This post on finding the right books for you is sponsored by Flatiron Books, Publisher of American Dirt by Jeanine Cummins.
We all like different things in our books. The buzziest books aren’t necessarily going to be your favourite books. So how do you find the books that feel like they were written just for you? The books that fit firmly in your wheelhouse of themes, moods, or historical settings? I have some suggestions.
We booksellers love recommending books. It’s our very favourite thing. When people tell me they’re looking for a good book, I always ask them what the last book they loved was, and we go from there. Maybe It’s Eleanor Oliphant Is Completely Fine, and what they liked about it was the character who doesn’t feel like she fits in, in which case Convenience Store Woman can be a great recommendation. Or maybe it’s the redemptive friendship, and I point them to Mornings With Rosemary by Libby Page. Or maybe it’s the appearance of the cat, and I hand them The Travelling Cat Chronicles by Hiro Arikawa.
Book Twitter is, by and large, a happy corner of the internet. And people there love enthusing about their latest and best reads. Tweet out a question asking for book recommendations and see what comes back to you. The more specific you can be about your tastes, the better. “Anyone got any good books to recommend about 18th century Lisbon?” I bet you’ll get something.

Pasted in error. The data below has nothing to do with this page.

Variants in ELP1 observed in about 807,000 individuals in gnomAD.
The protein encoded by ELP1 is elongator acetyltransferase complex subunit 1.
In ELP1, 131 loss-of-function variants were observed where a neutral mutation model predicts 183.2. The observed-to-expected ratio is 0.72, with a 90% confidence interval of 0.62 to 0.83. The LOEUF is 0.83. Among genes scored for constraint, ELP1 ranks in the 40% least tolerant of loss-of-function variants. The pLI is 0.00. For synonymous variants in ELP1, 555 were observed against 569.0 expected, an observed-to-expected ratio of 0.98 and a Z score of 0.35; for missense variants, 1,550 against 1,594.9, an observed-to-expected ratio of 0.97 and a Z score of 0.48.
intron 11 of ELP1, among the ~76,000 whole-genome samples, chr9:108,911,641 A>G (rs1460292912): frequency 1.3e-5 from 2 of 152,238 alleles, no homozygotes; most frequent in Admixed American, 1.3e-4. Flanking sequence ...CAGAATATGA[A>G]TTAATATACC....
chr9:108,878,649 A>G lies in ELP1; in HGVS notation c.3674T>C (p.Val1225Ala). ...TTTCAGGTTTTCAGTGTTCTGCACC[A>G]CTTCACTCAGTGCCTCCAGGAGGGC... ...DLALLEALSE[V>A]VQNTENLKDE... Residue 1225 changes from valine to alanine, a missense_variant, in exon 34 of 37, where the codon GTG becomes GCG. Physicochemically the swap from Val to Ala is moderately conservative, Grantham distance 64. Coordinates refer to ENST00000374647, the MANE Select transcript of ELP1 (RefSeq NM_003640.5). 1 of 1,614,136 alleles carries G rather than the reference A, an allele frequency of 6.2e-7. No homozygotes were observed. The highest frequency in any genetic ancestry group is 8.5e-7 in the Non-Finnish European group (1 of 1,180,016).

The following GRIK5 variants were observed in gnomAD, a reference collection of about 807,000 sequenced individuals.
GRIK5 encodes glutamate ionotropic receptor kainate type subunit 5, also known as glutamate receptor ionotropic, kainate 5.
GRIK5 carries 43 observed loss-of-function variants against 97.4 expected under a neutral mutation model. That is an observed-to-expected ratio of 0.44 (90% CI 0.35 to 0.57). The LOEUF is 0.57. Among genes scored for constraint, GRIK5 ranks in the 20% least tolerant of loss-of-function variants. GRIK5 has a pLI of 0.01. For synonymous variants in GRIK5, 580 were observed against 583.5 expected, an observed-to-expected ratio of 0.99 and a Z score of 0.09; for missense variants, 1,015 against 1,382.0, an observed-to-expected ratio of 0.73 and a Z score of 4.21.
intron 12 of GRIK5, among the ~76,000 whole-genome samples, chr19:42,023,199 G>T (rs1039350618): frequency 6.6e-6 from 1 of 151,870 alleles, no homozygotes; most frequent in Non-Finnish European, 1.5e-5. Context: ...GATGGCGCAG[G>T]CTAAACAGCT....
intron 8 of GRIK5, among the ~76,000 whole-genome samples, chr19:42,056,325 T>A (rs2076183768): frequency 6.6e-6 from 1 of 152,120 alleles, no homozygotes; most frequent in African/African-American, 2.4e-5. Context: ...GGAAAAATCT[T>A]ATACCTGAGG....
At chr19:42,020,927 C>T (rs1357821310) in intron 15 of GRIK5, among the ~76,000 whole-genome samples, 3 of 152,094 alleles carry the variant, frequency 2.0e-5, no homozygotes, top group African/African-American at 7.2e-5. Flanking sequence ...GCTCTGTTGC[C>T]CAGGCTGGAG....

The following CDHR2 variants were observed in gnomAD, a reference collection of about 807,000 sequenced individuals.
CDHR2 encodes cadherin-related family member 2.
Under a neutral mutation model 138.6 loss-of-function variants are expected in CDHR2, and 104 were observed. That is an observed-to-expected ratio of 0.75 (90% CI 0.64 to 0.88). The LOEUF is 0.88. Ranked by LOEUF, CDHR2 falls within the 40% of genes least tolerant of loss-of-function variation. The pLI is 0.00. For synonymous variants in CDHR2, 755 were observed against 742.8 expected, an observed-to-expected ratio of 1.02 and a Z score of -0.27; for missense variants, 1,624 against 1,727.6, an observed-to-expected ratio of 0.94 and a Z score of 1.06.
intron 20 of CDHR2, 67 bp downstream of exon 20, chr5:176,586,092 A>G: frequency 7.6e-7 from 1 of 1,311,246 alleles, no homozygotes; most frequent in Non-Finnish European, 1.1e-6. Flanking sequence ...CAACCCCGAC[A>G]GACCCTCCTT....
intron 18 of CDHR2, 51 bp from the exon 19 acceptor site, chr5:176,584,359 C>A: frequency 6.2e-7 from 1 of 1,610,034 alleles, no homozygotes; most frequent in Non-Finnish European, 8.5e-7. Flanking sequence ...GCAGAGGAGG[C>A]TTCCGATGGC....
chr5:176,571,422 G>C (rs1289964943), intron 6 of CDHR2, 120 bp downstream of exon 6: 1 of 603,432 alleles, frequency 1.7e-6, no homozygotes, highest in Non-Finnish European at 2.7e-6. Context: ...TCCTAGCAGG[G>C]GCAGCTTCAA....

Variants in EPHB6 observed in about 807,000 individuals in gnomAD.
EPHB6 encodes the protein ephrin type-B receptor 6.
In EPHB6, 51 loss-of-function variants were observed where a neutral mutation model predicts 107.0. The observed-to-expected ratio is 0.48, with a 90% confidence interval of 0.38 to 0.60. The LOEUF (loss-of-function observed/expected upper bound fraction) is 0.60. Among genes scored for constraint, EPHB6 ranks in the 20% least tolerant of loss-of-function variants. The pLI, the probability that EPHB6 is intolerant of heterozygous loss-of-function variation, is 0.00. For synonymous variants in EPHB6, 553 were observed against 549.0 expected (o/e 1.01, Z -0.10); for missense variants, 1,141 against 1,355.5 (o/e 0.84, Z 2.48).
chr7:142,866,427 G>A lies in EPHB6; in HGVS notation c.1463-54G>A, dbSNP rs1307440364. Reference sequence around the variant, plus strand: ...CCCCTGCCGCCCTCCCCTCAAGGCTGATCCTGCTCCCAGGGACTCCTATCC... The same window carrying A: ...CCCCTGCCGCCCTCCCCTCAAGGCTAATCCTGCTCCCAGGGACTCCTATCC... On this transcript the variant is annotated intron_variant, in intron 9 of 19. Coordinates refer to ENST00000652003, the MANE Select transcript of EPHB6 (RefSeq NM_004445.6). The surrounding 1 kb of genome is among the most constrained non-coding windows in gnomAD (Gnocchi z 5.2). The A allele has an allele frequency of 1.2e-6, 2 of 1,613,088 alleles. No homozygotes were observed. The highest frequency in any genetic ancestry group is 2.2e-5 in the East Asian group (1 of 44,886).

Facebook book groups are a relatively recent discovery of mine, but it turns out there are a zillion of them, swarming with enthusiastic readers and book bloggers who want to share their best reads and ask for recommendations. They’re especially great because they’re international – many of the ones I’m in are British – and the books that are buzzing in one country might be different from the ones buzzing in yours, so you’ll hear about books you might not have known about otherwise. Type “book club” or “reading” into the search bar on Facebook and a whole new world of discovery opens up to you. People will be delighted to point you in the direction of books they’ve loved if you tell them what you’re looking for.
Just as book Twitter is one of the happiest Twitters, so Bookstagram is one of the nicest parts of Instagram. What’s more soothing than a picture of a book, a candle, and a mug of cocoa? It’s also a great place to find out about the latest buzzy books, but beyond that, if you spot a Bookstagrammer whose taste seems to align with yours, it’s worth paying close attention to what they love.
Book Riot’s Amanda Nelson and Jenn Northington do a great job of recommending stacks on books based on the very specific emails they get from listeners. Why not try writing in with your own request?
Book Riot has its own team of bibliologists at your disposal, ready to recommend books you didn’t know you wanted, based on what you already know you like. You can sign up to get a quarterly letter with recommendations, or to actually receive hardbacks in the post.
Whenever Book Riot’s Rebeccca Schinsky says she loves a book, I pay attention. She and I have very similar tastes – particularly when it comes to novels – so I look for her recommendations from her wherever I can, which is often podcasts. Maybe there’s another podcaster whose tastes align with yours. Maybe there’s somebody on Twitter you could follow closely. Maybe there’s a bookseller at your local indie who never fails to recommend books you love. Pay attention to their shelf-talkers – the pieces of paper with recommendations dotted around the store – and to any section of the bookstore website that features staff picks. Or maybe it’s one of your friends or someone from your book club who reliably likes the same things as you. It can be easier to find something you’ll like, and even to venture beyond your comfort zone, if someone you know and trust has gone before you!